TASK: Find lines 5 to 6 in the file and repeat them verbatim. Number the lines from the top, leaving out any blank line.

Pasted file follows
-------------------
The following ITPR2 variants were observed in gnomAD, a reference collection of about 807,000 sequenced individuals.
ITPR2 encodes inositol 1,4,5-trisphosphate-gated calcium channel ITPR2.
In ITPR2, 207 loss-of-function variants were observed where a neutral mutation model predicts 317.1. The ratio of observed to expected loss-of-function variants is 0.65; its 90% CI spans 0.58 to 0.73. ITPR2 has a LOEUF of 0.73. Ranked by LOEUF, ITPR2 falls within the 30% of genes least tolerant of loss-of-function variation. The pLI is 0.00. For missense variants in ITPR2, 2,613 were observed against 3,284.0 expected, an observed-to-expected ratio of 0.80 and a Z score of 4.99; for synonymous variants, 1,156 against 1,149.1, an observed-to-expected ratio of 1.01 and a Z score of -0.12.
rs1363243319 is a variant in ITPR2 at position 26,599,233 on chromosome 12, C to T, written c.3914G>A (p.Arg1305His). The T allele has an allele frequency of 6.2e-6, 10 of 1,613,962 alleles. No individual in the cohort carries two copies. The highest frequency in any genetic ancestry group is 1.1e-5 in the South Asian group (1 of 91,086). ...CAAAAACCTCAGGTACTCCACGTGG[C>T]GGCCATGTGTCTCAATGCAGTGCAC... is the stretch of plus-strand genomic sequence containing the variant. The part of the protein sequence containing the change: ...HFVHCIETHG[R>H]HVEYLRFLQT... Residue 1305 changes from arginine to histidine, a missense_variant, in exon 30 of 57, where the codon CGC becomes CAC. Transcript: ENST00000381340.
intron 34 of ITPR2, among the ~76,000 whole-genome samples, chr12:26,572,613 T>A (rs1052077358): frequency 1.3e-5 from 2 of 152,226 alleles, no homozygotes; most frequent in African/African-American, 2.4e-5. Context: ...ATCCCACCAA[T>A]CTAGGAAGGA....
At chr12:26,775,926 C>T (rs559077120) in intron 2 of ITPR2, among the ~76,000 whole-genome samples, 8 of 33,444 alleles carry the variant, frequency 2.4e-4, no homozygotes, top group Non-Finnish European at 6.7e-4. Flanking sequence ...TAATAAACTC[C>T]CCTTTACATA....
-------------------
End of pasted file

intron 34 of ITPR2, among the ~76,000 whole-genome samples, chr12:26,572,613 T>A (rs1052077358): frequency 1.3e-5 from 2 of 152,226 alleles, no homozygotes; most frequent in African/African-American, 2.4e-5. Context: ...ATCCCACCAA[T>A]CTAGGAAGGA....
At chr12:26,775,926 C>T (rs559077120) in intron 2 of ITPR2, among the ~76,000 whole-genome samples, 8 of 33,444 alleles carry the variant, frequency 2.4e-4, no homozygotes, top group Non-Finnish European at 6.7e-4. Flanking sequence ...TAATAAACTC[C>T]CCTTTACATA....